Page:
Employer within rights to require hep A vaccine
Question: I work at Big City Diner, and they are requesting mandatory hepatitis A vaccination to be employed with them.
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Question: I work at Big City Diner, and they are requesting mandatory hepatitis A vaccination to be employed with them. It must be done by Thursday or I will be subject to termination. I was wondering whether this is a lawful act, or do I have any rights to not take the hepatitis A vaccination at this time?
Answer: Yes, private employers generally can require employees to be vaccinated as a condition of employment, subject to certain exceptions, said Ryan E. Sanada, director of legal and government affairs for the Hawaii Employers Council.
The answer to your second question also could be yes, if you are entitled to such an exemption, he said. For example, an employee could be entitled to opt out due to a disability or a religious reason. In addition, employers whose workers are covered by collective bargaining agreements (union contracts) might have to bargain over the impact of such a mandate, Sanada said.
The nonprofit Hawaii Employers Council, which advises member-businesses about labor law and other human-resources issues, has fielded numerous calls about the legality of mandatory vaccines over the past few weeks. “This is the No. 1 question that we’ve been getting lately. A lot of food service companies are considering it,” he said.
The council put together an FAQ on the subject, “Hepatitis A and the Workplace,” which you can read at 808ne.ws/HECFAQ. It goes into detail on the basics we’ve covered, affirming the legality of requiring a hep A vaccine as long as exceptions are allowed, but also notes that employers may prefer to encourage rather than require that workers be vaccinated, mirroring the Equal Employment Opportunity Commission’s informal advice regarding flu shots several years ago.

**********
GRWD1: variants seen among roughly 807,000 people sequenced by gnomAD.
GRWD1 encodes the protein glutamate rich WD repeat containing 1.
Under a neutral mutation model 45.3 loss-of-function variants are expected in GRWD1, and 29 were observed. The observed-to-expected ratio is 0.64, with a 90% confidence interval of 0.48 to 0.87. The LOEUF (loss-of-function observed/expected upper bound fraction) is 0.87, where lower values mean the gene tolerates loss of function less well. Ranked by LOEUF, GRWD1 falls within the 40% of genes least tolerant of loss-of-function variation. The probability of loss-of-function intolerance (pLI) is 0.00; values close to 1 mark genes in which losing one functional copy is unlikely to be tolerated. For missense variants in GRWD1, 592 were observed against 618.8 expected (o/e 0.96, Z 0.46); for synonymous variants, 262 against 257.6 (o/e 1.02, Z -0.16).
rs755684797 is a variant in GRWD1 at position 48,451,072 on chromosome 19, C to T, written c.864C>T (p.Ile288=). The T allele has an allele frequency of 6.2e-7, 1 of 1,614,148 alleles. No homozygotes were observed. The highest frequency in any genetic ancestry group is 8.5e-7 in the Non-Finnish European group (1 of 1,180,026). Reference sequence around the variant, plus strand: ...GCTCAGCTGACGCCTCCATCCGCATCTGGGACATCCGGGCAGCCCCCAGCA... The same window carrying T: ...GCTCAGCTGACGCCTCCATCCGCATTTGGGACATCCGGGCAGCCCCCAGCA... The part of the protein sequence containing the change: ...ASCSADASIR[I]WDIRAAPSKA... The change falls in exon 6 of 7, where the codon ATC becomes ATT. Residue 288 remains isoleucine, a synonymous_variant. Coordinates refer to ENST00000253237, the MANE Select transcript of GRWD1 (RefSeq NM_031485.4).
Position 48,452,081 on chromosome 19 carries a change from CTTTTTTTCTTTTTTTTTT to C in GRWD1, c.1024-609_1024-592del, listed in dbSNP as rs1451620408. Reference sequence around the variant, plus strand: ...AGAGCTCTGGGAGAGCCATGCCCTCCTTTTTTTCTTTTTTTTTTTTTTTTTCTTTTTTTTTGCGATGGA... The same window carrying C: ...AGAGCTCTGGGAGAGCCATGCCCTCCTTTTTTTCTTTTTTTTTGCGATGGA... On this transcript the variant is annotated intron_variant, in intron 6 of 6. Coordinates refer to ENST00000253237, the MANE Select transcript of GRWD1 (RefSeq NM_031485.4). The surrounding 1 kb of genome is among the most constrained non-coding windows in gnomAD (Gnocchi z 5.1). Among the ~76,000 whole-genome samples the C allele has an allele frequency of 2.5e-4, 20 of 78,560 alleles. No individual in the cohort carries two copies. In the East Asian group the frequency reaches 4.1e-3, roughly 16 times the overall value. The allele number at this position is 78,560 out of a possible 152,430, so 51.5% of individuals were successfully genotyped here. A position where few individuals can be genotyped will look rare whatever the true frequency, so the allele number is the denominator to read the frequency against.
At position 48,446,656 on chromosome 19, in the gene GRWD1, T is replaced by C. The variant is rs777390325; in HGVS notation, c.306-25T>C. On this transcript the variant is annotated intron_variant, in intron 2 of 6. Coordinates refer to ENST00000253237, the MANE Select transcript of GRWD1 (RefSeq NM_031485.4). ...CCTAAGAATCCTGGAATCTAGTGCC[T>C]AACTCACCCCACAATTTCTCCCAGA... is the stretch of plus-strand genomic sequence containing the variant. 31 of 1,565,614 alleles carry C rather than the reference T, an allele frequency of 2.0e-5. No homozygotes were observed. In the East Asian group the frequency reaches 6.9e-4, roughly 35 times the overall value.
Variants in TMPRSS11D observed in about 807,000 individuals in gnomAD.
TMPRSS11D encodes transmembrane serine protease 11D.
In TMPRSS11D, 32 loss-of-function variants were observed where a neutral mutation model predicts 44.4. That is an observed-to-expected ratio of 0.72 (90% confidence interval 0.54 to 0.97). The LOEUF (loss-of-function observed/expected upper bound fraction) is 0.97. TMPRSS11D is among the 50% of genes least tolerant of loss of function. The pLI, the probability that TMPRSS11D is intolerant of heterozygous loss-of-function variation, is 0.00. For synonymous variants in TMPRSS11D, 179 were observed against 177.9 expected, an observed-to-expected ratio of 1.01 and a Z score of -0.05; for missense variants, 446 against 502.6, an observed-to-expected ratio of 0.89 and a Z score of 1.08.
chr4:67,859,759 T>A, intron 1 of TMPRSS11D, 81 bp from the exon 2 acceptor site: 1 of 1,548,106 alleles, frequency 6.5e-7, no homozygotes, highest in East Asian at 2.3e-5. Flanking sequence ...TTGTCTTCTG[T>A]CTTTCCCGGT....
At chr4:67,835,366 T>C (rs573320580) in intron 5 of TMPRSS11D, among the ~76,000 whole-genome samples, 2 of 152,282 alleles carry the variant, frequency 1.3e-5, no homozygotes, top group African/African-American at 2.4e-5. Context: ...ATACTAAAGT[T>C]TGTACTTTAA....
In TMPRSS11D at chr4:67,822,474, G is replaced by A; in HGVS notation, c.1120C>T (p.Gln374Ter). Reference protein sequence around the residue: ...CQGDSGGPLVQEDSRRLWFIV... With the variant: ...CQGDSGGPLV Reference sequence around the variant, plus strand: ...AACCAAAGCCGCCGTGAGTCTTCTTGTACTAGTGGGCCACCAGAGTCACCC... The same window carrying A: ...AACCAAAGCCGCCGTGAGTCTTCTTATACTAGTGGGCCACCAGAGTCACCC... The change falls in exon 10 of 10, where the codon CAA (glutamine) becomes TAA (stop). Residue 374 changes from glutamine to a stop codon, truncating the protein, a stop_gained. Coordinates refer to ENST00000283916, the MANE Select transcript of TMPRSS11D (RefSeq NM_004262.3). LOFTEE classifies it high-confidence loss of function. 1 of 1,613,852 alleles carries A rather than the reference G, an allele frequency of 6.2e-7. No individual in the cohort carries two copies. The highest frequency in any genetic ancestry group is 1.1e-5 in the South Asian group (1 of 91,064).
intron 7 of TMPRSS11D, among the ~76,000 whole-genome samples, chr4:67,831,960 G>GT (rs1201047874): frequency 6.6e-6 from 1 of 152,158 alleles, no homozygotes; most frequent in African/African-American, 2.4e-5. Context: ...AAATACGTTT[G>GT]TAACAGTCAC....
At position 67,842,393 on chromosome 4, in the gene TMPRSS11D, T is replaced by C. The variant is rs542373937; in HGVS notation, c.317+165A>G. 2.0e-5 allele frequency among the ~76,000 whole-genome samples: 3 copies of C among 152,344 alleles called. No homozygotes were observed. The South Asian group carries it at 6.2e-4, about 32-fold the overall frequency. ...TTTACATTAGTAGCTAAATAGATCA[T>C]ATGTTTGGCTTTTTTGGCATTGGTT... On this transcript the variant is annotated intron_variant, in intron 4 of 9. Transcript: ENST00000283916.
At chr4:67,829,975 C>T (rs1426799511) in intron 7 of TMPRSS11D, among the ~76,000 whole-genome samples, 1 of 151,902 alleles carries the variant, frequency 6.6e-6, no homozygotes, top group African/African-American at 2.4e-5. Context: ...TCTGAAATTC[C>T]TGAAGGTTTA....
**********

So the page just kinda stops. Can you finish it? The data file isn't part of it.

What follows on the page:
You indicated during a follow-up phone call that you did not fall into any of the exemption categories and were still deciding whether to be immunized against hepatitis A, which the Hawaii Department of Health has broadly recommended amid an outbreak of the contagious liver disease that has sickened 228 people.
The Health Department has identified tainted raw scallops served at Genki Sushi restaurants on Oahu and Kauai as the likely source of the outbreak; the restaurant chain has been shut down since Aug. 15 and is being sued.
No Big City Diner employee has been diagnosed with hep A as of Wednesday, according to the Health Department, which publicizes food-service operations where workers have tested positive.
The six-restaurant chain obviously wants to keep it that way, for the good of customers, employees and the overall operation, said Kiinani Dodge, a human resources director in the company’s corporate office in Waipahu. The company consulted with the Hawaii Employers Council before making hep A vaccination a condition of employment, “much like having a clear TB test,” she said.
Reasonable accommodation would be provided to workers with allowable reasons to opt out, as the law requires, Dodge said. She has heard no objections directly from employees unhappy about the requirement.
“A lot of our employees don’t even need the shots — they were already vaccinated when they were children. For everyone else we are trying to make it as convenient as possible,” she said. “It’s about maintaining a safe and healthy environment for our customers and for our employees, too.”
Kokua Line also checked with the Hawaii Department of Labor and Industrial Relations, which said there are no labor laws specifically addressing vaccine requirements, and the state Department of Health, which deferred to the Hawaii Employers Council to answer this question because it involves a private employer and employee. The Health Department encourages Hawaii residents to be vaccinated against hepatitis A but does not require it.
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